Gehlen: I knew that with my timeframe and budget I could never afford to build the sprawling city that the little girl wanders through from scratch. And luckily, I totally did not have to! My layout artist, Kelly Nakasone, would just use cubes to represent buildings in the first pass, and then after I did a final animation pass, I would just bring in my lego-like set of KitBash3D buildings and swap them out as needed.

Gehlen: The scale and placement was dictated by achieving a nice composition per shot, so I wasn't shy about shrinking or scaling building as needed for the greatest result. Then I could adjust the lighting and fog in Arnold. It was one of my favorite parts of the process....seeing the world come to life around the action in each shot.

KitBash3D: When it comes to creating art that is not just deeply personal, but spreads a message you whole-heartedly (and sometimes desperately) believe in, how is that experience different from client work?

Gehlen: Good question. When my friend, Jared Kotler, who did the music (he and his team did a fantastic job), approached me about coming up with a story to go along with his song, I felt that this was really something that could be important to me.

Gehlen: My wife and I have five nieces between us, and we would like them to have a livable planet to grow up in. I feel very passionately about taking action to fight climate change, so I was able to siphon off some of that energy whenever the days seemed particularly long. But even with long days, it never really felt like work. I've worked on some big name projects that I'm very proud to have been on, but there is definitely something special about being able to focus on something from your own heart.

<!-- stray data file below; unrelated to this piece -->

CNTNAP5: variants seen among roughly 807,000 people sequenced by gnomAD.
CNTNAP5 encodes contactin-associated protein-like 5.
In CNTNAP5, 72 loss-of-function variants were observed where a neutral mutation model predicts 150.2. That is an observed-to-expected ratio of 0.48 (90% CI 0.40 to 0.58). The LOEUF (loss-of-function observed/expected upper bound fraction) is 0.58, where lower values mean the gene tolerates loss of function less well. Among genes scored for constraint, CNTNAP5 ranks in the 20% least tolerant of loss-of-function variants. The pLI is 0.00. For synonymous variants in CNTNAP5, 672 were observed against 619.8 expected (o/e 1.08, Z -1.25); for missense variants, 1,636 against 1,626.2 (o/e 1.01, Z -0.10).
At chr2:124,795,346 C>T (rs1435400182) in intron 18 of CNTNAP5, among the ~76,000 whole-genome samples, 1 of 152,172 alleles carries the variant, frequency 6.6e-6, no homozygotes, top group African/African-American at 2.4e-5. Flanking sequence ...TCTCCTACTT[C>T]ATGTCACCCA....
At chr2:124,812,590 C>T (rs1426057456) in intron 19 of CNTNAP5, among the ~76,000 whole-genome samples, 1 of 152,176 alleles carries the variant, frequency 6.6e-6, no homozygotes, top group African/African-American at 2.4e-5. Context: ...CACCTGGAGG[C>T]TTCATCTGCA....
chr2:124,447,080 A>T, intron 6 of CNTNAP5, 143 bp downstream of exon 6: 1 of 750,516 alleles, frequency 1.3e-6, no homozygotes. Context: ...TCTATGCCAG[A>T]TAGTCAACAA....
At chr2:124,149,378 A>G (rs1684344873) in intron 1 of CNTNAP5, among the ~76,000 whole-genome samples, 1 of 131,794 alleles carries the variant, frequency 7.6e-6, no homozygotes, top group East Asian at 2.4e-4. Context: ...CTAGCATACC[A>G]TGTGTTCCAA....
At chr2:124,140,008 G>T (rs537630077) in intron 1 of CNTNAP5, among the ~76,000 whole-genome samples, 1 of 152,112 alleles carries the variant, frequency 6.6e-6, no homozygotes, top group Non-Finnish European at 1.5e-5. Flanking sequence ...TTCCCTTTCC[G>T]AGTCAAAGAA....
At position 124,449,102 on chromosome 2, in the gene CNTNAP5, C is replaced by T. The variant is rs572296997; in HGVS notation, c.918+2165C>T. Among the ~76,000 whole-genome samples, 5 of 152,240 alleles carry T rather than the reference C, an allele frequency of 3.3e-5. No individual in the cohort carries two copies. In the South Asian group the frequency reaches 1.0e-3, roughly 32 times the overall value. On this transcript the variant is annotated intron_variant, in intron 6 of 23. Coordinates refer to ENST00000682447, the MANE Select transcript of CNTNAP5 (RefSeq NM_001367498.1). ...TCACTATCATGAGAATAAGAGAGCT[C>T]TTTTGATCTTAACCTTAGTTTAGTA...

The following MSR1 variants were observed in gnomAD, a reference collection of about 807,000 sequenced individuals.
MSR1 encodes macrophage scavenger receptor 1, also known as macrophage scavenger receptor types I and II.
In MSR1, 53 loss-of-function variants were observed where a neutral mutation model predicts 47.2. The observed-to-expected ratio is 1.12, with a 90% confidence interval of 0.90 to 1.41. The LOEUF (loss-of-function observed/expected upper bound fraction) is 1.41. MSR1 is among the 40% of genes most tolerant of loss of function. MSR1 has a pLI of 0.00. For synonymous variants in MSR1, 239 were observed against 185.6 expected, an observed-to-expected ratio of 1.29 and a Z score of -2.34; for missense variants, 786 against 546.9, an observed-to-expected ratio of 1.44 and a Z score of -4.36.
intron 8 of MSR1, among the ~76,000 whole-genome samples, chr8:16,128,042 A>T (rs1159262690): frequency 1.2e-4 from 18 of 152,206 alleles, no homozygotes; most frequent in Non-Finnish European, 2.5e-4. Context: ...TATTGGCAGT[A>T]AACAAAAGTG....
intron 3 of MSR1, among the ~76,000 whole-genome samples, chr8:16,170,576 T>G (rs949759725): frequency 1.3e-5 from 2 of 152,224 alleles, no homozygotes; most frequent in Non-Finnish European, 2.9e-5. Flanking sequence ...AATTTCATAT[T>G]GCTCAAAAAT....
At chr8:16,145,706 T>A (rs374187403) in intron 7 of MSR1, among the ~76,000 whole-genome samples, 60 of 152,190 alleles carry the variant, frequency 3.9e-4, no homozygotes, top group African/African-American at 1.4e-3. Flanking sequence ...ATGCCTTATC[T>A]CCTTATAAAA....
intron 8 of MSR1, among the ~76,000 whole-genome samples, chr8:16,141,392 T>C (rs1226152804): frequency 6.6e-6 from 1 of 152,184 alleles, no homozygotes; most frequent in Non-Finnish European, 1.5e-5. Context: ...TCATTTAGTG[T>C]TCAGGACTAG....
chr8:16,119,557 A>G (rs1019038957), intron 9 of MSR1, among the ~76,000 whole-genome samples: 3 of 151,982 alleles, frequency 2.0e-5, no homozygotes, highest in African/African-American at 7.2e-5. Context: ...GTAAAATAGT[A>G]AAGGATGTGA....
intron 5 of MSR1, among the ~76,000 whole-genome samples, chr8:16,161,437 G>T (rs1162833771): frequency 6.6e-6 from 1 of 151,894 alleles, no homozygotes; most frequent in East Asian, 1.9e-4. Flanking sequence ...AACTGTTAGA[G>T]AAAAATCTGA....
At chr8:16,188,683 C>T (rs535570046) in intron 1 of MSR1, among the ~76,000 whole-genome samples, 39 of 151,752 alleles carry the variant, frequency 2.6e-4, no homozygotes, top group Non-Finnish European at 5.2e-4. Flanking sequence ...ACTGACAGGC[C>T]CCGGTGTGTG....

KitBash3D: Last question, what's your advice to younger artists who may feel that they either don't have a voice or it may be futile to put out hopeful/inspiring/thought-provoking art in a sea of Internet chaos in 2020?

Gehlen: I would just say...make stuff! A lot of people have a lot of ideas, but there are far fewer that follow through and complete something. It may not be perfect, and there is absolutely no way to guarantee it will be the next “dude drinking cranberry juice on a skateboard lip-syncing Fleetwood Mac”, but it's still important to create. And that is especially true if it's about something dear to your heart. 

I mean, I am doing as much as I can realistically do to get Astronaut Spaceman out in front of people, because it's a message I believe in...but ultimately I've learned that at some point you need to be able to step back and stay out of the results. It's also important to remember that whether or not something goes viral isn't a real indication of it's worth.

Having said that, I'd love it if everyone reading this that enjoys Astronaut Spaceman would share it with everyone they know ;) 

About Pätrick Gehlen:

Pätrick Gehlen is a multiple Emmy Award winner and Visualization Supervisor at The Third Floor whose work over the past decade has included shows like Game of Thrones, Terminator: Dark Fate, and The Mandalorian.

His recent project, Astronaut Spaceman, used KB3D to create an animated music video about combatting climate change. KB3D previously featured the project on Game Day and are proud to promote the project's recent world wide release this week.

For more about Astronaut Spaceman, visit, follow on Instagram, Facebook, Twitter, and watch on YouTube.